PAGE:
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Topic: Does it ever help to tell an audience, "Tough Crowd..."???
Message: Posted by: Brenton Keith (Aug 4, 2004 06:22AM)
I have been trying to break this habit for awhile now, where I find myself saying, "tough crowd". I keep saying it because sometimes it gets a good reaction when there is no reaction, which of course is what I'm looking for-some reaction. But I am wondering what others think, because my gut tells me it's never good to ever tell an audience that they are tough, and that it only digs me further into a hole. But again- sometimes it gets a good reaction, which is why I keep finding myself using it...

What do you think?

Also, I'm not only talking about comedy, but magic too...
Message: Posted by: Ron Reid (Aug 4, 2004 07:32AM)
Hi:

I think it's a good line; I say if the audience is responding to it, keep it in.

Ron
Message: Posted by: duckster (Aug 4, 2004 12:34PM)
Sometimes the crowd needs a swift kick in the pants without attacking them. Especially in this day and age, Audiences forget that they have a repsonsibility at a live show, they are not in thier living room, watching TV, breathing thru their mouth.

One line that I have been using that has been getting a great reaction is.

(do the joke and get not much of a reaction)
"NUTHIN. I got Nuthin for that one"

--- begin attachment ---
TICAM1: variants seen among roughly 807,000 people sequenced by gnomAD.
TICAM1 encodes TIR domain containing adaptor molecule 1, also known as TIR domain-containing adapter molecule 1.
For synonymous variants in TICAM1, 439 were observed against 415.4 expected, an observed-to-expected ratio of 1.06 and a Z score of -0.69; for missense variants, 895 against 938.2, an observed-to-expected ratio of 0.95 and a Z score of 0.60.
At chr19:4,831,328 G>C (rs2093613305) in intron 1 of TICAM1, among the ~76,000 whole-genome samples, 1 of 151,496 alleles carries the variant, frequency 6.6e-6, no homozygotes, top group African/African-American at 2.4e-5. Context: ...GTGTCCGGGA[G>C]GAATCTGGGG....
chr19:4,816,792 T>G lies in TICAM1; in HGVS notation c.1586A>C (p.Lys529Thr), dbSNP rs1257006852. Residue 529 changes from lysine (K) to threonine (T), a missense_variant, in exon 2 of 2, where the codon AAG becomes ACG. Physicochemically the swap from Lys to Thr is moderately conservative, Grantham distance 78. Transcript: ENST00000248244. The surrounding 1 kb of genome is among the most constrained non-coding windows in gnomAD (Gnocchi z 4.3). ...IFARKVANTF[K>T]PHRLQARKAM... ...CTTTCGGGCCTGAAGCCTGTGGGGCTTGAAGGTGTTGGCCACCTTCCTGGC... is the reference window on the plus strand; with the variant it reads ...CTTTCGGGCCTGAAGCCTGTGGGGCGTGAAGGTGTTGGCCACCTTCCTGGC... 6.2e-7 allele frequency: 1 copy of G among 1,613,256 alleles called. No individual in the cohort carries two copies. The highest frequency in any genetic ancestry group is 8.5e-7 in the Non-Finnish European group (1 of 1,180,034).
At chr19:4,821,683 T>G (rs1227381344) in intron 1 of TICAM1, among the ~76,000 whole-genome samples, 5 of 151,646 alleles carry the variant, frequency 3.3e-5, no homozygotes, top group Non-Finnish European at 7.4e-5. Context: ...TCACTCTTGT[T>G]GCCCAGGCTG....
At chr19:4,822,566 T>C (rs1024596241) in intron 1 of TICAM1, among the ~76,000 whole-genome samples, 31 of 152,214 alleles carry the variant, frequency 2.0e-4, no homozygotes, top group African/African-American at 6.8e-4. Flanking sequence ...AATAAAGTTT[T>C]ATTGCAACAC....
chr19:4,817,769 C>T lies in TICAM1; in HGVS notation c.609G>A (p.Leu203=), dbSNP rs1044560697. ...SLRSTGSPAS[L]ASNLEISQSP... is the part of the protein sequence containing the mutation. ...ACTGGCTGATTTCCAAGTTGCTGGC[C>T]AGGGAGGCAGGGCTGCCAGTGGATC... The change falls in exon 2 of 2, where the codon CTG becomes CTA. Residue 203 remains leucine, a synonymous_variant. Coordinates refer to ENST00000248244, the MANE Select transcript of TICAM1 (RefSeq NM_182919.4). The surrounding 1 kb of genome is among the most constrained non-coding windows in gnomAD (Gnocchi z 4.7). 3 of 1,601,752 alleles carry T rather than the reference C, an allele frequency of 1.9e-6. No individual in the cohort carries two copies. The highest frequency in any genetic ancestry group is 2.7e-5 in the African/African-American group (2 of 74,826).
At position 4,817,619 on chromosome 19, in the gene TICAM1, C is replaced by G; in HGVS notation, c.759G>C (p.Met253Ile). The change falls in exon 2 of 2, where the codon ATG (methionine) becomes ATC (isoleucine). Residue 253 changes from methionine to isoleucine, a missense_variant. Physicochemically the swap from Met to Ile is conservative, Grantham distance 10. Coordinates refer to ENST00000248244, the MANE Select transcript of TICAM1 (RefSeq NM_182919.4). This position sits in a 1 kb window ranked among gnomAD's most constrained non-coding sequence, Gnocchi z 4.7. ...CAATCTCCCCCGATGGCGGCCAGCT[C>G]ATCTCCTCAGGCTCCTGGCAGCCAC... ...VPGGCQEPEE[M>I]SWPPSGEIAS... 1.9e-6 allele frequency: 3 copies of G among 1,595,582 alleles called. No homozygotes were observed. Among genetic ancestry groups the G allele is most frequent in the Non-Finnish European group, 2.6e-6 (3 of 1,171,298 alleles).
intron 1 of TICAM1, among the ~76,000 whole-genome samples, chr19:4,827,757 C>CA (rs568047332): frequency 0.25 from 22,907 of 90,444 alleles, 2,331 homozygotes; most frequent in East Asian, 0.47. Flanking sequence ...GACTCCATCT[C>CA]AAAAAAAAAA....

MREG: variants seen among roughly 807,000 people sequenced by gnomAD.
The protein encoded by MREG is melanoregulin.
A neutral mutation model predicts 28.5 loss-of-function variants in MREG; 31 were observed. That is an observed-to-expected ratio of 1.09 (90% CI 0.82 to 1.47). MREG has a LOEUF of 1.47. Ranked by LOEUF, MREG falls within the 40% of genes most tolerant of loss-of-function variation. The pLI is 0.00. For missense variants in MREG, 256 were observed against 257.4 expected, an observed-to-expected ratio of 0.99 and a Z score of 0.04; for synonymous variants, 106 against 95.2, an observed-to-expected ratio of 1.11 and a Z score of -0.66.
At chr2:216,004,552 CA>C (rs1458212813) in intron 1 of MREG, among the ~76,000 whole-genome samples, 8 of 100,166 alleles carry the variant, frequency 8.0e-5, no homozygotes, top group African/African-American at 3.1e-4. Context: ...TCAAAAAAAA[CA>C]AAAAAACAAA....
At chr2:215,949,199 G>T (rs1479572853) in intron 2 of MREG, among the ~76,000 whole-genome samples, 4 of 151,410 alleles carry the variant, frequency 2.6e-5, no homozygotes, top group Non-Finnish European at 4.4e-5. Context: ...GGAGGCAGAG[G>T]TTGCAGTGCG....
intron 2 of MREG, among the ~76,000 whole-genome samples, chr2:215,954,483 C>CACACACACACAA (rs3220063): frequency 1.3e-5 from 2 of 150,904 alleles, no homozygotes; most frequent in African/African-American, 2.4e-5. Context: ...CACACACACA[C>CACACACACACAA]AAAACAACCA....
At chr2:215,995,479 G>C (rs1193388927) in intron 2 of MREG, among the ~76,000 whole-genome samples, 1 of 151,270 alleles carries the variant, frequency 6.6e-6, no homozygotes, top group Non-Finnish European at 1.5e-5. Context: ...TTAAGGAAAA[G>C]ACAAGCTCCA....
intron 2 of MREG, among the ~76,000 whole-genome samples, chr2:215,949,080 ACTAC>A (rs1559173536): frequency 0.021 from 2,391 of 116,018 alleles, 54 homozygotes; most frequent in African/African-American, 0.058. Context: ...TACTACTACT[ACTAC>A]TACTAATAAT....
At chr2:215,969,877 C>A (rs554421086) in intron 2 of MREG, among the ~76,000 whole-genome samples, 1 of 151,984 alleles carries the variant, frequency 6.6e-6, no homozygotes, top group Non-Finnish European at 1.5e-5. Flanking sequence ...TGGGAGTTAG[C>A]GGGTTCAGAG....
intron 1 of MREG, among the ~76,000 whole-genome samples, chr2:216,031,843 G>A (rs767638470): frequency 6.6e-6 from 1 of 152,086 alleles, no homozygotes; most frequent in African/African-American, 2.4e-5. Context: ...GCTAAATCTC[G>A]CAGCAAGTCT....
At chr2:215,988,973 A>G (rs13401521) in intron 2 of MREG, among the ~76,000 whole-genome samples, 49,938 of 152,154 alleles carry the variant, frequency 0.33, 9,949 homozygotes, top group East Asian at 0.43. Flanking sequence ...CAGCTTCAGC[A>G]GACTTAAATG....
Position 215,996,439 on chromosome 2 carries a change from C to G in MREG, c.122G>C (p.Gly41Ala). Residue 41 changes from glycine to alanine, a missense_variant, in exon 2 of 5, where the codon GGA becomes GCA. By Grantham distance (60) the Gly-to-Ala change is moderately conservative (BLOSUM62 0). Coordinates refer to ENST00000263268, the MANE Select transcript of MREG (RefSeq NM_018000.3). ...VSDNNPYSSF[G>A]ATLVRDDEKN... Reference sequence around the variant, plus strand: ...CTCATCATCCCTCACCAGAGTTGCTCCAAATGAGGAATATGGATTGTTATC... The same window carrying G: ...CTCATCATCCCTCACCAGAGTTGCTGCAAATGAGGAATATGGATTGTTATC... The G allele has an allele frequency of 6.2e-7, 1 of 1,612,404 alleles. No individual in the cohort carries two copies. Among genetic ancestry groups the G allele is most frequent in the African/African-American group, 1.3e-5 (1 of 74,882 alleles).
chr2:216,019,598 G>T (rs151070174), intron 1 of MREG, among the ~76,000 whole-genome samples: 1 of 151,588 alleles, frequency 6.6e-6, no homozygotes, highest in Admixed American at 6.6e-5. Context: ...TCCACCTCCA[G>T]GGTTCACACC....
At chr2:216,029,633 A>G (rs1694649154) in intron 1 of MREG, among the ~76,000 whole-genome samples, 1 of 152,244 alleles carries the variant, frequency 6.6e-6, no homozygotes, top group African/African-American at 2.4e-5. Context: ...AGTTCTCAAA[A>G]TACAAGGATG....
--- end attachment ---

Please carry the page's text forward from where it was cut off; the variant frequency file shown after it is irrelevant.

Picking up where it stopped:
let me try it again, this time with feeling"

(I do it again and more passionately and the crowd will either repeat their first reaction or go thru the roof, but I hope they don't do much because its funnier if I can say...)

"AND I STILL GOT NOTHING - I'm moving on..."
Message: Posted by: muzicman (Aug 4, 2004 11:43PM)
I watched Copperfield on DVD the other night and he was doing "Graffiti". After he revealed the first match on the paper, the crowd did not react. With a big smile, he slightly crumbled the paper and turned to the audience and said....

"Does this not impress you people"?

The crowd applauded!

I think what we can learn from this is to create an applause without resrting to the term "Tough Crowd". Sometimes a pose will queue an applause. Sometimes a revaltion will cause applause....
get creative and give them a reason to make some hand noise. Sometimes an audience won't applaud because they don't want to interupt your show. Getting an audience warmed up is the only way to break this barrier. You can do your own warmup, but to be the FEATURE act you need a separate warmup/MC. A warmup would be something that primes them for the real magic. It breaks the ice and makes a crowd not so tough.